Report Public Workforce

The 40-Hour Week

A Proposal To Increase The Productivity of Non-Managerial Civilian Municipal Workers

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December 03, 2002

Of the nearly 250,000 full-time employees of the City of New York, about 80,000 are “non-managerial civilians.” This means they are not teachers or other types of educators at the Department of Education or the City University; they are not uniformed employees such as police officers, firefighters or correction officers; and they are not managers such as Commissioners or other senior officials. Of these 80,000 civilians, less than 10,000 are required to work a 40-hour week. About 3,400 civilians work a 37.5-hour week, and more than 67,000 work a 35-hour week.

This report recommends that those civilians not working a 40-hour week be required to do so. The estimated savings to the City from this change would be $498 million annually. This savings would be realized because fewer workers could accomplish the same amount of work. About 8,500 positions could be eliminated if all civilians worked a 40-hour week. The average savings per worker would be about $58,000 including salary, fringe benefits and space costs.

Two obstacles must be overcome in order to achieve the full, potential savings. First, there is a high degree of occupational specialization among the civilians. If fewer than eight workers do the same job, then it might not be possible to reallocate the work among a smaller group and accomplish the same volume of work in a 40-hour week as was done by more employees in a 35-hour week. In fact, the City's civilian employees are divided among more than 1,100 different job titles, but most are in positions with many incumbents. Only about 7 percent of the workers, or about 5,700, are in job titles with less than eight incumbents in the same agency. For these workers the shift to a 40-hour week should be accompanied by the sharing of work across agencies and combining tasks now limited to narrowly defined job descriptions, known as “broad-banding.”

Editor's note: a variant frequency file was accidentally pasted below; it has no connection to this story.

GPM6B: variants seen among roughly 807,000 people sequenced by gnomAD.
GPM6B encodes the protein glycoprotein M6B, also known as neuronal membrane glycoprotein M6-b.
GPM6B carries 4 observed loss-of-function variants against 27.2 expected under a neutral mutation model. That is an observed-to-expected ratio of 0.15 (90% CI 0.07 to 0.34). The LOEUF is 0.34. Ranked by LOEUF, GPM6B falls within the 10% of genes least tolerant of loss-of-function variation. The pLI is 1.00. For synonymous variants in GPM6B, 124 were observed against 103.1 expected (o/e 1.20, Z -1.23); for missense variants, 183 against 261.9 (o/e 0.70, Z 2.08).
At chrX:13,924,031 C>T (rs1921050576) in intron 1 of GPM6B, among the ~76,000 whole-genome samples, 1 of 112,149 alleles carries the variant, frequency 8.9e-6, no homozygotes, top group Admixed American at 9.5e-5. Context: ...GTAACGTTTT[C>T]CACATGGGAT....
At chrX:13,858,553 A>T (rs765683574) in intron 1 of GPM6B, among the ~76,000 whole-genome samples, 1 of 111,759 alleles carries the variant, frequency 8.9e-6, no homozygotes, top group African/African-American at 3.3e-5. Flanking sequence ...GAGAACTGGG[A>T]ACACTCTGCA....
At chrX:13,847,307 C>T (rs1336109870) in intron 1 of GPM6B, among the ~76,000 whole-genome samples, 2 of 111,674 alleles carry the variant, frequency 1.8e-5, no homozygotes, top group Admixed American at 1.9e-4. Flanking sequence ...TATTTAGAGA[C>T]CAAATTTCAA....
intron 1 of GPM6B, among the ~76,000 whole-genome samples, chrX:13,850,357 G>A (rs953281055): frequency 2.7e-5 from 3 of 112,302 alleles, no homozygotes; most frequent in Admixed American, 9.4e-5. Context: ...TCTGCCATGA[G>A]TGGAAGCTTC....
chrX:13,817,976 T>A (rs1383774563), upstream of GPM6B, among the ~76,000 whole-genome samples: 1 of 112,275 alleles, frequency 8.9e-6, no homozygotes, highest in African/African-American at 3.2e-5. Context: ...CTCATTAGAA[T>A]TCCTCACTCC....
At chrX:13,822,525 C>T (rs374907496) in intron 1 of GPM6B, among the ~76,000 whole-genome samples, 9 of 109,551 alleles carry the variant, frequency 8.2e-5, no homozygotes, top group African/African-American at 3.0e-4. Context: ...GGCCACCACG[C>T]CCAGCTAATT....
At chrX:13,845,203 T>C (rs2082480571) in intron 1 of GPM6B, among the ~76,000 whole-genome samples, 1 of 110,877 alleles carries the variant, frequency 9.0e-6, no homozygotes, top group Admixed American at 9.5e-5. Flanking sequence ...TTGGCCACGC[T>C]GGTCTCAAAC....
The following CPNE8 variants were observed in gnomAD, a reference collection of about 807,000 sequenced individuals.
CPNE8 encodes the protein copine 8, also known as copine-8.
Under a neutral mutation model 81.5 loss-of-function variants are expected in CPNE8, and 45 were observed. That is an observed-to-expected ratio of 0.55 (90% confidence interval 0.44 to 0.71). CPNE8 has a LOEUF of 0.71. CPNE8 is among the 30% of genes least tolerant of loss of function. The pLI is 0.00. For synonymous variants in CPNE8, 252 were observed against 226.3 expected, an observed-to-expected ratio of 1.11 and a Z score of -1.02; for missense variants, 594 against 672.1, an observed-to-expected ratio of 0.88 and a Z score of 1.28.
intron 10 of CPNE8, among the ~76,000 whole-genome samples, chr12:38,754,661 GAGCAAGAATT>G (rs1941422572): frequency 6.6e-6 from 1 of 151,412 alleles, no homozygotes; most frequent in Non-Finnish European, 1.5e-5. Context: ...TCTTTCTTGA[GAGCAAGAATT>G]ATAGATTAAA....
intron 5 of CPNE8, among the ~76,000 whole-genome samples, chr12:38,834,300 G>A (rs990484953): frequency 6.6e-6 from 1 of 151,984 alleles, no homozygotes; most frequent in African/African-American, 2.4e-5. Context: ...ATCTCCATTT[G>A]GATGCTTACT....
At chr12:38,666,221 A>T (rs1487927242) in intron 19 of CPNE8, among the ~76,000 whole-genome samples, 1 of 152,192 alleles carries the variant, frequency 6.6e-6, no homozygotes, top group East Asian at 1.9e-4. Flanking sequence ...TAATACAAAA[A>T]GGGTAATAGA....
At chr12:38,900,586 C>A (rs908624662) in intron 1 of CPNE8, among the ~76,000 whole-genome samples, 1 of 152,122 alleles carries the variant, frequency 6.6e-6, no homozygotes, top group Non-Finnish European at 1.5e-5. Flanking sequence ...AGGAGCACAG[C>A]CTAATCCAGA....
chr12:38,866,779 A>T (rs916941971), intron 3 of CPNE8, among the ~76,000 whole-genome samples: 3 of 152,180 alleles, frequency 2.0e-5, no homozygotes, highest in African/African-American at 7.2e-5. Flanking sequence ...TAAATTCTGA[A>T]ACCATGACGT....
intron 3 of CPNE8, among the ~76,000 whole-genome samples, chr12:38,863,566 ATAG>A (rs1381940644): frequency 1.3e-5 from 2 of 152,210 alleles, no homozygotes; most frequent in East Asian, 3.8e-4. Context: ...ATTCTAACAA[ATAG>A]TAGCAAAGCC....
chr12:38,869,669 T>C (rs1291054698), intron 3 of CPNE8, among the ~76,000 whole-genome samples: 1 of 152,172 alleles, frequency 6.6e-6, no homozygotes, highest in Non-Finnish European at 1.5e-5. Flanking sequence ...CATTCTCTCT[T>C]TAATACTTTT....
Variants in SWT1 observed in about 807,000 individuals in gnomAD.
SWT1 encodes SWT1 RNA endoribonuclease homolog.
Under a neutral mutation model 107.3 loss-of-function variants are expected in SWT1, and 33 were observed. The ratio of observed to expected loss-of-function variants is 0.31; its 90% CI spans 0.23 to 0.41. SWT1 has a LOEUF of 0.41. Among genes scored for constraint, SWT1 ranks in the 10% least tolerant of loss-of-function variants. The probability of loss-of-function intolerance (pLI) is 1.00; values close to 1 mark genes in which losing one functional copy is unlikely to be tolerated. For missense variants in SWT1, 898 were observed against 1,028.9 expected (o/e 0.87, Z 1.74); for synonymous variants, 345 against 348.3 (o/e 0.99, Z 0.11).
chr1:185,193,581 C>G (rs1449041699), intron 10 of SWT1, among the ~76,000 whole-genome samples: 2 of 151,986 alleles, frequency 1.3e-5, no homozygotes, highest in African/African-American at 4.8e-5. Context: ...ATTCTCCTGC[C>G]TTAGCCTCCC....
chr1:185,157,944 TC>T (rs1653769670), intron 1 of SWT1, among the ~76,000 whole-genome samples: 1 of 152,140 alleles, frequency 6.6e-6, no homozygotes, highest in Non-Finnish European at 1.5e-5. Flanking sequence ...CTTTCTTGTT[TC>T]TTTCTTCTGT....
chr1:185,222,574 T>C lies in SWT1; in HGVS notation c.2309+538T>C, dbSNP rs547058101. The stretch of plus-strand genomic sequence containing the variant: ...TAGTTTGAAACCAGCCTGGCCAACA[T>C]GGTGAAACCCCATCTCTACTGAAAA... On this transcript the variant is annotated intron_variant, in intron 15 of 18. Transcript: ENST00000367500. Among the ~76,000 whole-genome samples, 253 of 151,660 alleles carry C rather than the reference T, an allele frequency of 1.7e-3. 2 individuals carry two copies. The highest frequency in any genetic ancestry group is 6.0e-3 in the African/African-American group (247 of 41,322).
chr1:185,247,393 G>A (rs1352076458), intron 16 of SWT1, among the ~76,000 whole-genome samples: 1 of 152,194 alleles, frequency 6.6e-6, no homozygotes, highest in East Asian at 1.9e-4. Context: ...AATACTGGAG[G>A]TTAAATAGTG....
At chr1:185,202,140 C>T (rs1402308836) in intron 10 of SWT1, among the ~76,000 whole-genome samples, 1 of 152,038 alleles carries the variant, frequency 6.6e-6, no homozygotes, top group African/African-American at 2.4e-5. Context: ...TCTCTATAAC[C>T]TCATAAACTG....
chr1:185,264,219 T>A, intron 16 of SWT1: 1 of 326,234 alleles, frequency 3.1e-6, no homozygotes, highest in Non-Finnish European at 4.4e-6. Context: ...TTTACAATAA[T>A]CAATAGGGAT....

The second potential obstacle is geographic dispersion of workers among many different locations, making it difficult for a smaller number of workers to share tasks. In fact, civilian employees work at 1,556 different locations. However, most are concentrated at a few large locations; fully 73 percent, or about 49,000 are at facilities with at least 100 civilian workers. About 22 percent are at locations with 10 to 100 workers, and less than 5 percent are at locations with fewer than 10 workers. For those at the smaller locations, the shift to a 40-hour week should be accompanied by relocation to more concentrated offices or dividing time among two or more locations.

In this period of difficult fiscal times, it is reasonable to require a 40-hour week for City employees. Many similar federal employees have a 40-hour week; workers in other large cities such as Los Angeles, San Francisco, Phoenix and Washington, D.C., have a 40-hour week; nationally, among all state and local government employees, fully 85 percent of the blue-collar workers and 64 percent of the white-collar workers (except teachers) have a 40-hour week. Among private employers in the New York area, the median workw